My Uncle: CEO of Intel, Time Person of the Year and an Immigrant


Andy Grove with Steve Jobs (image)

My uncle immigrated to the United States in 1956 with no assets, a brilliant mind, ambition, and a faith that America was a great country of opportunity. He escaped from Hungary, a country of communists, at the time a source of great fear among many US politicians. If the US President at his time were making policy similar to our President today, my uncle would’ve never been allowed in the US.

My uncle was a good and decent American who, until his death last year, contributed an incredible amount to this country.

He was the CEO of Intel, Time Person of the Year, and is commonly referred to as one of the greatest managers of all time. Steve Jobs sought him out for career advice. The founders of Amazon and Google asked him to be on their boards of directors. He was also a good man.

One of the last public things he did was accept a Legendary Leader award. He was riddled with symptoms of Parkinson’s, but made it a point to say something. “As we sit here and celebrate what we have done, let’s remember that millions of young people who had the misfortune of being born in the wrong national boundaries are going through all the horrors [I did]. I made it. Let’s try to help them.”

This is my attempt.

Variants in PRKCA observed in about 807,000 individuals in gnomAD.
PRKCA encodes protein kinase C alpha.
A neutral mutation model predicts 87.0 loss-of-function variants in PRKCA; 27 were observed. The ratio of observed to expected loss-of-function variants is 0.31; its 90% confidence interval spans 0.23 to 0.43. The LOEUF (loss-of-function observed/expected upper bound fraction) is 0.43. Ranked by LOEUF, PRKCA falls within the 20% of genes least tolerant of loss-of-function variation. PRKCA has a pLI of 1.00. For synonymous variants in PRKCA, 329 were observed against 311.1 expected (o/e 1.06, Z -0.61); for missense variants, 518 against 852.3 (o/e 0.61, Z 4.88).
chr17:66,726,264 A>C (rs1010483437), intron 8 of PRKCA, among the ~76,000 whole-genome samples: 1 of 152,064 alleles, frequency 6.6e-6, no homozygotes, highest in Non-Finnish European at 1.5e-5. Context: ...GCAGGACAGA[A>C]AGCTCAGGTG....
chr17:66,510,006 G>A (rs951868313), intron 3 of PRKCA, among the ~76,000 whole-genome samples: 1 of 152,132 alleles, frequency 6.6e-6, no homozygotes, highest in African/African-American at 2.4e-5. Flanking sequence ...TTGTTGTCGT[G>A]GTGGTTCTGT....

We are so very lucky to live in this great country where we can speak our minds no matter what our views. I am absolutely sure that that vast majority of Americans, in their heart of hearts, want to help those in need. I am also sure that we reject the notion that we should summarily ban the next Andy Grove from the US because of the country he happened to be born in. Please speak up in the name of the millions of young people who cannot speak up on their own. Please speak in the best way you think you will be heard.

Hate is dissolved by familiarity. Tell stories of your own immigrants. Find stories to tell. But please do it. Think of what you would tell your kids if they wholesale wrote off a group of people because of the color of their skin or the nation of their origin. You would tell them to do the right thing. Be brave. Know that you are on the right side of history. Hate and fear won’t win.

As difficult as it is right now, we also have to keep hope. As devastating as these policies are, they are changeable. This country is great because no matter how small the margin of victory, the victor gets to call the shots. Within the bounds of the Constitution and the law, the rest of us have to respect that. But, let’s not forget the facts. The man in the White House today lost the popular vote and won the electoral college because of a couple hundred thousand votes going his way. He has the lowest approval ratings of any other President at the same time in office. America will reject him when next allowed. In the meantime, let’s all stand up and make what we stand for known.

If you’re as eager to join this conversation as we are to convene it, please join us at the Shift Forum this February 6–8th in San Francisco. We’ve got a very limited number of seats left, and we expect it to sell out shortly. Because the event is held under Chatham House Rule, you’ll have be present to learn from these extraordinary leaders. Non profit and founder discounts are available. We hope to see you there!

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